Science vs. Non-Science: From Fiction to Reality

As stated in my previous article (Sunday Monitor, 20 December 2020), the history and progress of science has shown, among other things, ‘that there is no useless knowledge’, ‘that more knowledge is better than less’ and ‘ that a theory or model formulated using complete information is better at explaining the real world and predicting future events in the relevant domain, compared to a theory or model based on partial information.

Moreover, there is no reliable evidence that some knowledge (eg, physical or ‘natural’ sciences) is significantly better than or superior to other types of knowledge (eg, ‘no -sciences’, that is, arts and social sciences).

As the saying goes, “one man’s meat is another man’s poison”.

For quite some time, the Ugandan government has placed too much emphasis on the natural sciences. Consequently, politics is now biased in favor of these sciences at the expense of the ‘non-sciences’.

I think that this attitude of the government is not correct. Sciences and ‘non-sciences’ actually complement each other; they are not diametrically opposed.

In the 1950s and 1960s, the United States and Canada made the same mistake that Uganda is making now; countries overemphasized the sciences at the expense of the ‘non-sciences’. By the late 1960s, countries had overproduced scientists—such as mathematicians, mechanical and electrical engineers, and other specialists in the sciences.

As a result, many of the scientists could not find work in their respective fields of specialization. Many of these qualified scientists had no alternative but to turn their attention to specializations in the ‘non-sciences’—such as economics and psychology—which offered better employment prospects. For example, in my Masters-level econometrics class in Canada in 1975, out of six students, three were science degree holders – two with degrees in mathematics (PhD and M.Sc., respectively) and the third with a Bachelor’s degree. degree in engineering.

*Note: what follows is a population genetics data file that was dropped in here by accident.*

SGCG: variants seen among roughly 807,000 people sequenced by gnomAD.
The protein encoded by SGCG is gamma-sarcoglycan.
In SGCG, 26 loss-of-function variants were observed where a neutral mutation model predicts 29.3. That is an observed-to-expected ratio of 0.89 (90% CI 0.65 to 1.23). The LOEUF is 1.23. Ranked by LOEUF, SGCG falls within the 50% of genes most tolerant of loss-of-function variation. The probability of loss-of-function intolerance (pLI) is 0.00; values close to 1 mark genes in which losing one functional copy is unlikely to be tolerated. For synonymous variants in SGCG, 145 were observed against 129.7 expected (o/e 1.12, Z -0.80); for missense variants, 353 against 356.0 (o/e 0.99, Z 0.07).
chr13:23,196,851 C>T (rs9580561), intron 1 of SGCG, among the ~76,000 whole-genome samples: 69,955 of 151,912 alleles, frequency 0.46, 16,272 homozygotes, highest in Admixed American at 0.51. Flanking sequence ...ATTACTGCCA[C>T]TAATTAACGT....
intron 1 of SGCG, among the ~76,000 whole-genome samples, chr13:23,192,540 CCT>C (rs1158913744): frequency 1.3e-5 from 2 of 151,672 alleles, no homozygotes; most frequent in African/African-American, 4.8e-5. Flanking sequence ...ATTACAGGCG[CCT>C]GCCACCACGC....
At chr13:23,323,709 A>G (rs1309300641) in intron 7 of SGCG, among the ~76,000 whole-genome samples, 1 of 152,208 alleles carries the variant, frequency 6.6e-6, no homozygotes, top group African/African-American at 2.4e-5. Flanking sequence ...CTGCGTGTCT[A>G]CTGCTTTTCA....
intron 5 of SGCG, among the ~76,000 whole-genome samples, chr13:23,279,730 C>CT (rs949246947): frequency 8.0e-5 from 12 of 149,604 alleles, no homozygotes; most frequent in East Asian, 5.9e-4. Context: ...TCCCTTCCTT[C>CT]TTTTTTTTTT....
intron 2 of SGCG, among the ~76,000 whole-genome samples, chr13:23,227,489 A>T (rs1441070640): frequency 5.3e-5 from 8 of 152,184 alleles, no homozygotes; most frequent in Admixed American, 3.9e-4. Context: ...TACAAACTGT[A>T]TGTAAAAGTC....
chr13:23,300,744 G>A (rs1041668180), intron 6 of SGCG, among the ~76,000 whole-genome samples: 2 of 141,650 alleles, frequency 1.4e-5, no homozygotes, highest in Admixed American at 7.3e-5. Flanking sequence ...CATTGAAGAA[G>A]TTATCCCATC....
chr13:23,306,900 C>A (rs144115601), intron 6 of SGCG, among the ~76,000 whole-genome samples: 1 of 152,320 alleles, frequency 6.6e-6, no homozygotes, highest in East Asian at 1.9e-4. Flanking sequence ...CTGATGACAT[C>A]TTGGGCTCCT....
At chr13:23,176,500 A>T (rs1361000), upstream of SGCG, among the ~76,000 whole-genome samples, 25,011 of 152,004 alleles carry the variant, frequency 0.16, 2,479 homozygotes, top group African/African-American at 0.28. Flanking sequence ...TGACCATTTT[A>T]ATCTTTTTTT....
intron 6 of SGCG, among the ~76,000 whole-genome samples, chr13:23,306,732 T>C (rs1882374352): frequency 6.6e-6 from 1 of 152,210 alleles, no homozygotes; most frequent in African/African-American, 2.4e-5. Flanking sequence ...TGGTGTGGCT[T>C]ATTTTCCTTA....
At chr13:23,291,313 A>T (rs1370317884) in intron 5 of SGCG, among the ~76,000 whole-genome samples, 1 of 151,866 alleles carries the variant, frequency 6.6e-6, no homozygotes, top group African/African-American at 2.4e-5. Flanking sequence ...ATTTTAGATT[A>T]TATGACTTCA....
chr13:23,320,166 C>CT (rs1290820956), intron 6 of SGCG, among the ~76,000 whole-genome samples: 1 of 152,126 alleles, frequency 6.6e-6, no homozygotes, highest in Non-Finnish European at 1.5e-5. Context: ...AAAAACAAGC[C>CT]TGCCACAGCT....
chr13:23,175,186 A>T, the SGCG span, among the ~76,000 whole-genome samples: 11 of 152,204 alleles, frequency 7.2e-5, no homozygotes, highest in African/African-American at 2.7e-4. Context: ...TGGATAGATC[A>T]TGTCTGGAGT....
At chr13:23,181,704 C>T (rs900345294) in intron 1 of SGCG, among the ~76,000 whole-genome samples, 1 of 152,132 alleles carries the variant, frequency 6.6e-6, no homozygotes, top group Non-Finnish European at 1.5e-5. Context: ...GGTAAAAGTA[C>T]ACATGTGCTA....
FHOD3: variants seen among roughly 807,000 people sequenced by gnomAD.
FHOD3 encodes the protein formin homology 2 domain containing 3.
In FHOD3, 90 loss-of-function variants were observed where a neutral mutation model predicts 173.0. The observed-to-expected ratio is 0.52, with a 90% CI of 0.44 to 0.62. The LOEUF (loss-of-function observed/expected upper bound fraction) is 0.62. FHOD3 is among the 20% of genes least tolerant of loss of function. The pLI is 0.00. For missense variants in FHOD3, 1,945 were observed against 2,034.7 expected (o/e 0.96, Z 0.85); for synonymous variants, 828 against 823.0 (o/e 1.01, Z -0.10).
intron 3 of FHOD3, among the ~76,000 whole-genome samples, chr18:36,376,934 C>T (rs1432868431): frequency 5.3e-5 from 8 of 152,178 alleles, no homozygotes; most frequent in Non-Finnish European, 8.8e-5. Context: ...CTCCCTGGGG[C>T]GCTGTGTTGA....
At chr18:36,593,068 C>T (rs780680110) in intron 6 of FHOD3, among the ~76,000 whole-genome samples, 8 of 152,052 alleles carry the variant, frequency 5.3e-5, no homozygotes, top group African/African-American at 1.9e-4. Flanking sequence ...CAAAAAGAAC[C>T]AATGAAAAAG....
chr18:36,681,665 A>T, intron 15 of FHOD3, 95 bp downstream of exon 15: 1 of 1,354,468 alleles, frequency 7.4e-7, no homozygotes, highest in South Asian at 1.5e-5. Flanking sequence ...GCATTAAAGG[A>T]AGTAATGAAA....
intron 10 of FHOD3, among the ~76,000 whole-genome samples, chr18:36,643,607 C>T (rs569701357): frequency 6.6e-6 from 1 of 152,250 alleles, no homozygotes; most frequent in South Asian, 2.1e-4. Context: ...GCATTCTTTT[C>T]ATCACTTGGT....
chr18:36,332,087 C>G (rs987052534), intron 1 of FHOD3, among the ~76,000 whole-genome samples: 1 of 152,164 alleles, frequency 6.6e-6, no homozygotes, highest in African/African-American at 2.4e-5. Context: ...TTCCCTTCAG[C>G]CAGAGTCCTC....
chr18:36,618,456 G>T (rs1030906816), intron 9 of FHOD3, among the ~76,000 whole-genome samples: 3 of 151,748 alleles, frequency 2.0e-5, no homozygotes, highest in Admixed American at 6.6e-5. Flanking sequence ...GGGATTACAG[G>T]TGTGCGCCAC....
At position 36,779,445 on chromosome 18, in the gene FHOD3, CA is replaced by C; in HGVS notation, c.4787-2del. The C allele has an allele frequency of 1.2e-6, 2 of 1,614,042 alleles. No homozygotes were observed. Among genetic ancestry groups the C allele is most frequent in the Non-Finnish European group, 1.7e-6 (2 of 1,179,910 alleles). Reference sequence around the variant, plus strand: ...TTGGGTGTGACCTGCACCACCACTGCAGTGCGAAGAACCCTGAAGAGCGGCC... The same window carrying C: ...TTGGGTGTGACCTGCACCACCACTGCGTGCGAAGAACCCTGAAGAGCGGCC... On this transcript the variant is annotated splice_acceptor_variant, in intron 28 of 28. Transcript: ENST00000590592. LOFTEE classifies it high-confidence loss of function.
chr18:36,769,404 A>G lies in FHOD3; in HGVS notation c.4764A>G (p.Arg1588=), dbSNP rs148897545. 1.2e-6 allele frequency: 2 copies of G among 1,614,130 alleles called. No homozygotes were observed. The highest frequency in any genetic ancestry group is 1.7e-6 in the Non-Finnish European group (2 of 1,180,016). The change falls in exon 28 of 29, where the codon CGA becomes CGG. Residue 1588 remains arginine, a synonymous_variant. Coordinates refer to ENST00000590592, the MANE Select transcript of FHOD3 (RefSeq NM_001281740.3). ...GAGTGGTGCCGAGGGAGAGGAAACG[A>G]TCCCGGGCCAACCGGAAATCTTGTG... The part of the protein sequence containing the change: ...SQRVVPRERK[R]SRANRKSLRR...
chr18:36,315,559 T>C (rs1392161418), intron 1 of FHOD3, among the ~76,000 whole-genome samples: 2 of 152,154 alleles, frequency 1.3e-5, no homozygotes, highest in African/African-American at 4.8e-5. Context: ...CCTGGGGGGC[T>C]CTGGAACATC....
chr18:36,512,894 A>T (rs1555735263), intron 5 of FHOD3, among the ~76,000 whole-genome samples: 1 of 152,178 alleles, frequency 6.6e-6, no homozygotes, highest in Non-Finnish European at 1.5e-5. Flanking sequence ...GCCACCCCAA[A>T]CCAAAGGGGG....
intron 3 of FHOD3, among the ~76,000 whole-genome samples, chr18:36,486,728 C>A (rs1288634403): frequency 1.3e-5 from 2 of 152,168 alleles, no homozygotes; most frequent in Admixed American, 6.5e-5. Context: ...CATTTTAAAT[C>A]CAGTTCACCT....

Further, my Microeconomics professor had a PhD in engineering, while my Econometrics professor had a PhD in mathematics (in addition to his PhD in economics); they had also moved from the sciences to the “non-sciences” out of necessity.

This article focuses on the issue of the government’s continued overemphasis of the sciences at the expense of the ‘non-sciences’.

To drive the point home, I use recent measures to create a giant gap between the wages of ‘scientists’ and those of ‘non-scientists’—especially in relation to teachers. Specifically, I argue that the dividing line between the sciences and the non-sciences is not only extremely thin, but also blurred.

There is hardly any substantial difference between science and non-science teachers.

Science teachers are not necessarily scientists, and science teachers are merely potential scientists.

As I said in my book Research Methodology: Philosophy, Processes and Procedures, 2020, the whole body of existing knowledge – the body of theoretical and empirical facts and their derivatives in all academic and other fields – can be divided into two subsets: presumably larger) subset consisting of what is not known at a point in time and the (perhaps smaller) subset of what is already known at a point in time. The larger the subset of known knowledge, the better for humanity. This is because the larger the subset of known knowledge, the higher the likelihood that humanity will find better or superior ways and means to maximize the production and consumption of goods and services, as well as leisure.

In other words, humanity is interested in using the subset of known knowledge to improve its well-being. That is, this known knowledge must be expanded over time and used to find ways and means, or technologies for improving the well-being of the entire human race.